On a TV, BLADE RUNNER's an essential film; on the big screen, it's a revelation. From the ominous opening tones and expository scroll to the first shots of fireballs bursting forth from futuristic smokestacks, the viewer is immediately aware that they're about to embark on something enrapturing, exceedingly rare, and immaculately crafted.

Director Ridley Scott, cinematographer Jordan Cronenweth (ROLLING THUNDER, ALTERED STATES CUTTER'S WAY), special effects artist Douglas Trumbull (2001, CLOSE ENCOUNTERS OF THE THIRD KIND), and production designer Lawrence G. Paull (BACK TO THE FUTURE) merge their talents to create a moody, jaw-dropping, futuristic atmosphere, the likes of which hadn't been seen since METROPOLIS and will likely be never seen again, so long as Hollywood clings to its CGI like a cured fool to his needless crutch.

Though not following his work to the letter, the film wonderfully replicates the Philip K. Dick 'aura'- a world of confusion, filth, wonderment, paranoia, disquiet, and mystery. A smoky Middle-Eastern nightclub with shades of PEPE LE MOKO; an icy laboratory where eyeballs are fashioned from bubbling, frigid vats; a dark, rain-soaked alley, intermittently lit by neon and the flashing headlamps of police spinners;

a sooty, decaying space, full of mannequins, robots, and incessantly chortling mechanical toys; a musty, shadowy, Frank Lloyd Wright-inspired apartment

where Harrison Ford's Deckard pours bottle after bottle of stinging hooch down his throat– the sheer creativity and perfect realization of these places leaves them etched upon your mind, long after the film has finished. Combined with an ethereal Vangelis score, one sits, transfixed and with mouth agape, as one might while experiencing one of the great cathedrals.

Violence is handled with firm-handed Dickian weight: visceral and distressing, full of shrieks and spasms and existential dread. The acting is superb: Sean Young's art deco naivete, Brion James' detached brutality, Rutger Hauer's unsettling perfection, James Hong's yammering hermit, Joe Turkel's thick-lensed mogul, Edward James Olmos' craggy visage, William Sanderson’s sweet gullibility,

Daryl Hannah's raccoon-eyed urchin, and M. Emmet Walsh’s oily countenance all function to develop a colorful landscape of characters, remaining true to Dick's wider vision. Ultimately, Scott possesses a complete confidence in his material, and never second-guesses, never concedes a point, never gives in to showcasing some 'flavor of the month,’ and consequently has created a languid, timeless work of art.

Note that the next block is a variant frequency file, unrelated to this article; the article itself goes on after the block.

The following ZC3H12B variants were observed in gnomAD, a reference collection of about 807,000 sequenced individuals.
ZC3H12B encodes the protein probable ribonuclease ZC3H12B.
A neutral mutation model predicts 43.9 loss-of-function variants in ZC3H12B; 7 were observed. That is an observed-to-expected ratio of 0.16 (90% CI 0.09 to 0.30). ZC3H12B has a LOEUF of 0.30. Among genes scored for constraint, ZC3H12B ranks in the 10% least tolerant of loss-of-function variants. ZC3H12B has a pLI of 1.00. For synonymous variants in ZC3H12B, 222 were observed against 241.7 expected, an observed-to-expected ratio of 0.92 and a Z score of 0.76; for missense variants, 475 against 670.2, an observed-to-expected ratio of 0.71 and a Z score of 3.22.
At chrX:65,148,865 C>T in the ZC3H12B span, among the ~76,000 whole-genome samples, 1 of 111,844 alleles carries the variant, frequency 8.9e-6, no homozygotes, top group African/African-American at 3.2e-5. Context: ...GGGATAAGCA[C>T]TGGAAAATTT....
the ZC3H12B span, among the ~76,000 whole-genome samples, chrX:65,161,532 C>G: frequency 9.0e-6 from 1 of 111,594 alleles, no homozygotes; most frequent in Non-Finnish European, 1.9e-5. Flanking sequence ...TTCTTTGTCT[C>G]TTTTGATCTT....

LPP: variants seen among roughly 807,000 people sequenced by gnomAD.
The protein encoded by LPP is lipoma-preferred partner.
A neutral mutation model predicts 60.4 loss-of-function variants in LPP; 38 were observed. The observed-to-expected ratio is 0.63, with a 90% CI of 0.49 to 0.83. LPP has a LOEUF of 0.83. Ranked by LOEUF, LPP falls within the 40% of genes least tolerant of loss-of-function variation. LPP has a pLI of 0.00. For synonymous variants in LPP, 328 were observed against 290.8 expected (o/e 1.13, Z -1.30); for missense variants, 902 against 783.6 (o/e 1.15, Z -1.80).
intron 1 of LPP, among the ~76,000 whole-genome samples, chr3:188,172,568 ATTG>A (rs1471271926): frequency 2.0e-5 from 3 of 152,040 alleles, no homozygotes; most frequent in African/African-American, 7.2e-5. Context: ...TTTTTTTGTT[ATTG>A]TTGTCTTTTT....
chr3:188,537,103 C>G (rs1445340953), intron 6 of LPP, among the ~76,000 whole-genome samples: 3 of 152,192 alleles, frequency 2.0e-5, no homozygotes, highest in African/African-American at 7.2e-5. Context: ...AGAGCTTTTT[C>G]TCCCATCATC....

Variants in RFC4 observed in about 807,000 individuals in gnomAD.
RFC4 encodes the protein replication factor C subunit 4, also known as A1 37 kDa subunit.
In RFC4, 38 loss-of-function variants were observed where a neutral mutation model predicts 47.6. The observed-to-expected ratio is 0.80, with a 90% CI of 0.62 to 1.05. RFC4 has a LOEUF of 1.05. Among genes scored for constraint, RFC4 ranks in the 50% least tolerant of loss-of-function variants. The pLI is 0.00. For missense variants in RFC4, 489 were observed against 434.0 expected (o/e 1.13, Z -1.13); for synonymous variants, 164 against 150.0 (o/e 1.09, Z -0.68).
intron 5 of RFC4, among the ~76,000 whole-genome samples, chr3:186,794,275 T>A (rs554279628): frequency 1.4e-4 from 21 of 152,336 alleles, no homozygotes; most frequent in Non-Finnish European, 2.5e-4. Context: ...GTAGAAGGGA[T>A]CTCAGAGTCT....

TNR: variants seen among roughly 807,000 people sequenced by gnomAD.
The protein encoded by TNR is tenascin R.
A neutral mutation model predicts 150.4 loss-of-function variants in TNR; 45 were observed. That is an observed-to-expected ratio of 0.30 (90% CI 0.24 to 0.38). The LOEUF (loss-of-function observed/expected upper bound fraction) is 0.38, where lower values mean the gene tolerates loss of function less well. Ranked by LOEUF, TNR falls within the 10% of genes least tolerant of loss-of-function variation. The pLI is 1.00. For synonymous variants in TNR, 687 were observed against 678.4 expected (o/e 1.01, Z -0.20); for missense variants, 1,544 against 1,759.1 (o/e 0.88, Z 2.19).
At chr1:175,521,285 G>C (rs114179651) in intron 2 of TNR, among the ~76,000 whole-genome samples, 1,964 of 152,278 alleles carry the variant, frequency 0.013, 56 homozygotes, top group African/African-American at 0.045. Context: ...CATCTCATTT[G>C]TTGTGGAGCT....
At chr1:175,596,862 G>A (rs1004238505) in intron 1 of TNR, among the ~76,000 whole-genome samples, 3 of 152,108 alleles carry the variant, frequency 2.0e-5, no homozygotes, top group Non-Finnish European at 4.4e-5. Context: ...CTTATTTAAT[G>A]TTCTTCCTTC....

-Sean Gill

Wednesday, August 26, 2009

Television Review: RAWHIDE- "DUEL AT DAYBREAK" (1965, Sutton Roley), AKA BRONSON VS. EASTWOOD

Stars: 3 of 5.
Running Time: 53 minutes.
Notable Cast or Crew: Clint Eastwood, Charles Bronson.
Best one-liner: "Puttin' a high price on a pair of pants, aren't ya?"

So I've been doing a lot of Bronson reviews lately, and the subject of 'Bronson vs. Eastwood' has come up on several occasions. I'm going to take this opportunity to rehash 'what we know,' before proceeding with what may be the very birth of the (possibly imagined) rivalry; an episode of RAWHIDE, starring Clint, and guest starring Bronson. This article by no means will offer the final word on the feud, but will perhaps offer some deeper insights into this eternal battle. But before I get into the RAWHIDE episode, let's rehash...


#1. The Leone connection: Bronson might have, in retrospect, felt foolish for turning down the role of the 'Man with No Name' in Sergio Leone's famous Dollars Trilogy, a role that ultimately went to Clint and made him an international star. Later, Bronson finally broke down and made a film with Leone (and a slew of other European films in the late 60's and early 70's) - ONCE UPON A TIME IN THE WEST. Now, to complicate things, the three men who Bronson shoots in the opening sequence were originally meant to be the Good, the Bad, and the Ugly (Clint, Lee van Cleef, and Eli Wallach). Van Cleef and Wallach signed on for the cameo appearances, but Clint declined. Clint claimed (perhaps correctly) that he declined because it wouldn't be fair to diminish the character's legend in such a superficial, slapdash manner. But perhaps the real reason he declined was because he didn't want to be shot by Bronson.

#2. And much like how Bronson went and did Italian films after Clint had, Clint went and did some WWII ensemble cast movies after Bronson. Bronson had THE GREAT ESCAPE ('63) and THE DIRTY DOZEN ('67) under his belt when Clint went and did WHERE EAGLES DARE ('68) and KELLY'S HEROES ('70). Was Clint jealous that Bronson's 'men on a mission' movies were more successful? Hard to say. Clint didn't return to WWII until after Bronson's death, and even then he just directed (FLAGS OF OUR FATHERS, LETTERS FROM IWO JIMA).

#3. Bronson and Eastwood both have a preference for the 'finger and thumb gun.' Whether or not they ever had a 'finger and thumb gun' battle is unknown to me, but as far as I know, it was never captured on celluloid.

#4. Perhaps the most famous roles for Bronson and Eastwood were, respectively, Paul Kersey (the DEATH WISH series) and Harry Callahan (the DIRTY HARRY series). Each series had five installments- did Bronson only agree to DEATH WISH V: THE FACE OF DEATH ('94) so that he could match Eastwood for number of installments?

#5. Don Siegel was perhaps Eastwood's greatest mentor, and they collaborated five times (COOGAN'S BLUFF, DIRTY HARRY, THE BEGUILED, TWO MULES FOR SISTER SARA, ESCAPE FROM ALCATRAZ). Late in Siegel's career, he worked with Bronson (TELEFON). How did this make Clint feel? Did Bronson ever twirl his mustache thinking about it?

#6. Bronson hates orangutans and mocks EVERY WHICH WAY BUT LOOSE in DEATH WISH II. There's a good possibility that Bronson disliked how much fun Clint was having, and this was borne of jealousy, though it's also possible that Bronson couldn't believe that a badass icon (who he was frequently compared to) could get away with a monkey/trucker movie. What if all this time, however, Bronson secretly wished he could do whacky movies involving apes and Oreos and duets with Ray Charles, but instead steadfastly remained a willing martyr to his jaw-clenching tough guy roles?